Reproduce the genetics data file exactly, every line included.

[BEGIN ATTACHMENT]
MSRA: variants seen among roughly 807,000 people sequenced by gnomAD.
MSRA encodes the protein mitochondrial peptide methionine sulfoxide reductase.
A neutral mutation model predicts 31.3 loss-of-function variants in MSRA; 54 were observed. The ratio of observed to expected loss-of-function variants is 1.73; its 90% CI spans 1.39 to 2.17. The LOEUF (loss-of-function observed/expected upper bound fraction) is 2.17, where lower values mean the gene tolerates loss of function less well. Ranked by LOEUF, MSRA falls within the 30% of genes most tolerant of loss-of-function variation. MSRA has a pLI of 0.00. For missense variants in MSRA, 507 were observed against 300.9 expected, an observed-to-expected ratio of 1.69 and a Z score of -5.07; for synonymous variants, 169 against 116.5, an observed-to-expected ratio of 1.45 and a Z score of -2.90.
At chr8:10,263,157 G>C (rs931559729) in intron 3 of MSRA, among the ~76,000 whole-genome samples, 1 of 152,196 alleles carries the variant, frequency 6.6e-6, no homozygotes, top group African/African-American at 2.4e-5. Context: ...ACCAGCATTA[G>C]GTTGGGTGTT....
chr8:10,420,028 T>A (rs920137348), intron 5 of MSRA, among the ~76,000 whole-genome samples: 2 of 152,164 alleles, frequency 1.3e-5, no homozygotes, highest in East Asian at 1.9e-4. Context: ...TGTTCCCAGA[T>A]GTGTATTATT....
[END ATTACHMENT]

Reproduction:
MSRA: variants seen among roughly 807,000 people sequenced by gnomAD.
MSRA encodes the protein mitochondrial peptide methionine sulfoxide reductase.
A neutral mutation model predicts 31.3 loss-of-function variants in MSRA; 54 were observed. The ratio of observed to expected loss-of-function variants is 1.73; its 90% CI spans 1.39 to 2.17. The LOEUF (loss-of-function observed/expected upper bound fraction) is 2.17, where lower values mean the gene tolerates loss of function less well. Ranked by LOEUF, MSRA falls within the 30% of genes most tolerant of loss-of-function variation. MSRA has a pLI of 0.00. For missense variants in MSRA, 507 were observed against 300.9 expected, an observed-to-expected ratio of 1.69 and a Z score of -5.07; for synonymous variants, 169 against 116.5, an observed-to-expected ratio of 1.45 and a Z score of -2.90.
At chr8:10,263,157 G>C (rs931559729) in intron 3 of MSRA, among the ~76,000 whole-genome samples, 1 of 152,196 alleles carries the variant, frequency 6.6e-6, no homozygotes, top group African/African-American at 2.4e-5. Context: ...ACCAGCATTA[G>C]GTTGGGTGTT....
chr8:10,420,028 T>A (rs920137348), intron 5 of MSRA, among the ~76,000 whole-genome samples: 2 of 152,164 alleles, frequency 1.3e-5, no homozygotes, highest in East Asian at 1.9e-4. Context: ...TGTTCCCAGA[T>A]GTGTATTATT....